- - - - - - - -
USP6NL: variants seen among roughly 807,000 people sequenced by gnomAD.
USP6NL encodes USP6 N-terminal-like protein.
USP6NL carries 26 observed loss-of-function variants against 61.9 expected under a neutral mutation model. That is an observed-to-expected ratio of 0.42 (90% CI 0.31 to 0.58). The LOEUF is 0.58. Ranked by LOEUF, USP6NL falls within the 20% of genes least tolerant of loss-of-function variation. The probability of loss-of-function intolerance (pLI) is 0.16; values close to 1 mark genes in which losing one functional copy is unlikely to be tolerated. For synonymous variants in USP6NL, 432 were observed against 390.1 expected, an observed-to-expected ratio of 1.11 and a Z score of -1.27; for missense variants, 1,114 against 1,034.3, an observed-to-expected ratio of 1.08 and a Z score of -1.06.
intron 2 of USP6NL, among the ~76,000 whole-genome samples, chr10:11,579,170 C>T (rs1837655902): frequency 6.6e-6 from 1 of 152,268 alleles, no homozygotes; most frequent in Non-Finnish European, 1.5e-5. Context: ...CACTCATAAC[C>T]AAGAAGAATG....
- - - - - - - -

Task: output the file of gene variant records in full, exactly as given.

USP6NL: variants seen among roughly 807,000 people sequenced by gnomAD.
USP6NL encodes USP6 N-terminal-like protein.
USP6NL carries 26 observed loss-of-function variants against 61.9 expected under a neutral mutation model. That is an observed-to-expected ratio of 0.42 (90% CI 0.31 to 0.58). The LOEUF is 0.58. Ranked by LOEUF, USP6NL falls within the 20% of genes least tolerant of loss-of-function variation. The probability of loss-of-function intolerance (pLI) is 0.16; values close to 1 mark genes in which losing one functional copy is unlikely to be tolerated. For synonymous variants in USP6NL, 432 were observed against 390.1 expected, an observed-to-expected ratio of 1.11 and a Z score of -1.27; for missense variants, 1,114 against 1,034.3, an observed-to-expected ratio of 1.08 and a Z score of -1.06.
intron 2 of USP6NL, among the ~76,000 whole-genome samples, chr10:11,579,170 C>T (rs1837655902): frequency 6.6e-6 from 1 of 152,268 alleles, no homozygotes; most frequent in Non-Finnish European, 1.5e-5. Context: ...CACTCATAAC[C>T]AAGAAGAATG....